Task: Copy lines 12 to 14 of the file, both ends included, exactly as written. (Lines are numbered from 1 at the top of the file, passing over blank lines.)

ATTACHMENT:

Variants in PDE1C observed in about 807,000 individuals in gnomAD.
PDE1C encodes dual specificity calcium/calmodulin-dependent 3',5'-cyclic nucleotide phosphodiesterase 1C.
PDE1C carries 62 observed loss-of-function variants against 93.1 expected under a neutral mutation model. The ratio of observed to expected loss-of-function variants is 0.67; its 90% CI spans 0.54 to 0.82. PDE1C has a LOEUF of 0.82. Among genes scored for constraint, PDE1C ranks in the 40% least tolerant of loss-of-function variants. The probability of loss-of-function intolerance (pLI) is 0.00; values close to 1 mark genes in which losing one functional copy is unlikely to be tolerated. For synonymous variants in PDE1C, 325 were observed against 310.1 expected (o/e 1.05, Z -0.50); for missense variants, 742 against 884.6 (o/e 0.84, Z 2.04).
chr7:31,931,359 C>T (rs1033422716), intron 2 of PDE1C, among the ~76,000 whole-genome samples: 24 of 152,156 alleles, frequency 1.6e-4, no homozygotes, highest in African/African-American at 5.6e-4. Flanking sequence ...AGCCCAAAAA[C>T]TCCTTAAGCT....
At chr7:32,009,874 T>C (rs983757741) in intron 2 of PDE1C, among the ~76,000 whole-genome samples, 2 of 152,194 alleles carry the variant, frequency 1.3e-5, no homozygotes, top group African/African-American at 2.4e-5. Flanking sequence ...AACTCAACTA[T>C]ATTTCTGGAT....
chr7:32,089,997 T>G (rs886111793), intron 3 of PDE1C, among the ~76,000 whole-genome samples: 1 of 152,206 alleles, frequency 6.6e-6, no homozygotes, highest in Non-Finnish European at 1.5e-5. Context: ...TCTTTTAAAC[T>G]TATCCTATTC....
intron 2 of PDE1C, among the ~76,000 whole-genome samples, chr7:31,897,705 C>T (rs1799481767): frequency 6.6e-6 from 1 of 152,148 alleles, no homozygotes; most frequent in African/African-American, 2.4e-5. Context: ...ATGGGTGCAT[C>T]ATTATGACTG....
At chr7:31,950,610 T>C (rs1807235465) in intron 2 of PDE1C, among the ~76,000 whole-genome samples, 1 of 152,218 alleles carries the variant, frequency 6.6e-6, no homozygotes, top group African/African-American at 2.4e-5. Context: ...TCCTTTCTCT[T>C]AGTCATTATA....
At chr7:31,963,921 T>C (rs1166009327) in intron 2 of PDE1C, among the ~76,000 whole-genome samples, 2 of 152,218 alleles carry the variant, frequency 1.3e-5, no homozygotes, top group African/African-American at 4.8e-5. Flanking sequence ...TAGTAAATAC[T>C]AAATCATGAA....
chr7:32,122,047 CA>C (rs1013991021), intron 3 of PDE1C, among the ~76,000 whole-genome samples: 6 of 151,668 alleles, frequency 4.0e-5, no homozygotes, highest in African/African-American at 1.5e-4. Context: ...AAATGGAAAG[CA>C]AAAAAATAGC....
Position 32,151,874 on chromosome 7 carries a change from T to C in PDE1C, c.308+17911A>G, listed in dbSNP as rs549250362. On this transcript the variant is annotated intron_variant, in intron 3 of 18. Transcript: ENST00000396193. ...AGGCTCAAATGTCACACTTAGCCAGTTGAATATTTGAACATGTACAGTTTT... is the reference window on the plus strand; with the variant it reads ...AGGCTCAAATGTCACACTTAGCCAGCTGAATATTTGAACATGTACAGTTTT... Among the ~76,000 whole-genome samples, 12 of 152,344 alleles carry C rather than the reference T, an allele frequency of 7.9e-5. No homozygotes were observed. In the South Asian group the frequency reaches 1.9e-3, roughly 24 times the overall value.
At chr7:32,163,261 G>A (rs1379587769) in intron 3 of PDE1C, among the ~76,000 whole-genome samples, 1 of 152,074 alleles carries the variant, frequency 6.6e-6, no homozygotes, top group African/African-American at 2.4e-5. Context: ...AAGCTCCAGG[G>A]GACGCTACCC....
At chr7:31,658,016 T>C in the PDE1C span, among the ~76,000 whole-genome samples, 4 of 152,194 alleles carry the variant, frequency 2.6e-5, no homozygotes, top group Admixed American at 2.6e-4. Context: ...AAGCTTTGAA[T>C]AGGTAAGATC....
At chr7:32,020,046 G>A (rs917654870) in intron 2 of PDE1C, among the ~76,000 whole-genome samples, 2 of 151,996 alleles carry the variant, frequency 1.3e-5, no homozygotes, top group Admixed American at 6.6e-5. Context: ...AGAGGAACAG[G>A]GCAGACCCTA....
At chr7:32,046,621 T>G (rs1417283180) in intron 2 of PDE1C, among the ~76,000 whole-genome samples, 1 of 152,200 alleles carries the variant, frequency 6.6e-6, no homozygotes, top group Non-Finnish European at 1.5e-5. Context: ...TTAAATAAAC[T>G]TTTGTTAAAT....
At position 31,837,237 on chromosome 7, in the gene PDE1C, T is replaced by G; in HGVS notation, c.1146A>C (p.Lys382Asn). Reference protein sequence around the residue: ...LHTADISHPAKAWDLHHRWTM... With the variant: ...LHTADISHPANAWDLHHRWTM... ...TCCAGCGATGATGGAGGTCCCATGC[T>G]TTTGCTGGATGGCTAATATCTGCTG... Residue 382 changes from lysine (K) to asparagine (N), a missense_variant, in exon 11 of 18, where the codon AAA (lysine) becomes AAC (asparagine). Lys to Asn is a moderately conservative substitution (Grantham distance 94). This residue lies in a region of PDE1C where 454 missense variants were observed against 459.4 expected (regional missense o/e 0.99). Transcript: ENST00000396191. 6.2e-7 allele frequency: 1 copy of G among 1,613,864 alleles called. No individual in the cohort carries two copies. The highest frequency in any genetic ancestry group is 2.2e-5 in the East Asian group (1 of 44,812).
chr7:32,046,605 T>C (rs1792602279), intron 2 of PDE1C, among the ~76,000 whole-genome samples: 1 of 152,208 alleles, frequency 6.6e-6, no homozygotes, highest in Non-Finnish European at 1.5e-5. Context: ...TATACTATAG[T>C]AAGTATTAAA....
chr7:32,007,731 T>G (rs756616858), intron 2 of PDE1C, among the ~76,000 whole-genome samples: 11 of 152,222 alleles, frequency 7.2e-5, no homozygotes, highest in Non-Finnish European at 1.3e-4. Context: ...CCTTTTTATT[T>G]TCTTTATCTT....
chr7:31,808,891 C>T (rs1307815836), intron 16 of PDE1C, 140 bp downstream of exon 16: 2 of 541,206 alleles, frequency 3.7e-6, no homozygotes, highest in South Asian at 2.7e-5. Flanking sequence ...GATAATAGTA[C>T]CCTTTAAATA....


At chr7:32,163,261 G>A (rs1379587769) in intron 3 of PDE1C, among the ~76,000 whole-genome samples, 1 of 152,074 alleles carries the variant, frequency 6.6e-6, no homozygotes, top group African/African-American at 2.4e-5. Context: ...AAGCTCCAGG[G>A]GACGCTACCC....
At chr7:31,658,016 T>C in the PDE1C span, among the ~76,000 whole-genome samples, 4 of 152,194 alleles carry the variant, frequency 2.6e-5, no homozygotes, top group Admixed American at 2.6e-4. Context: ...AAGCTTTGAA[T>C]AGGTAAGATC....
At chr7:32,020,046 G>A (rs917654870) in intron 2 of PDE1C, among the ~76,000 whole-genome samples, 2 of 151,996 alleles carry the variant, frequency 1.3e-5, no homozygotes, top group Admixed American at 6.6e-5. Context: ...AGAGGAACAG[G>A]GCAGACCCTA....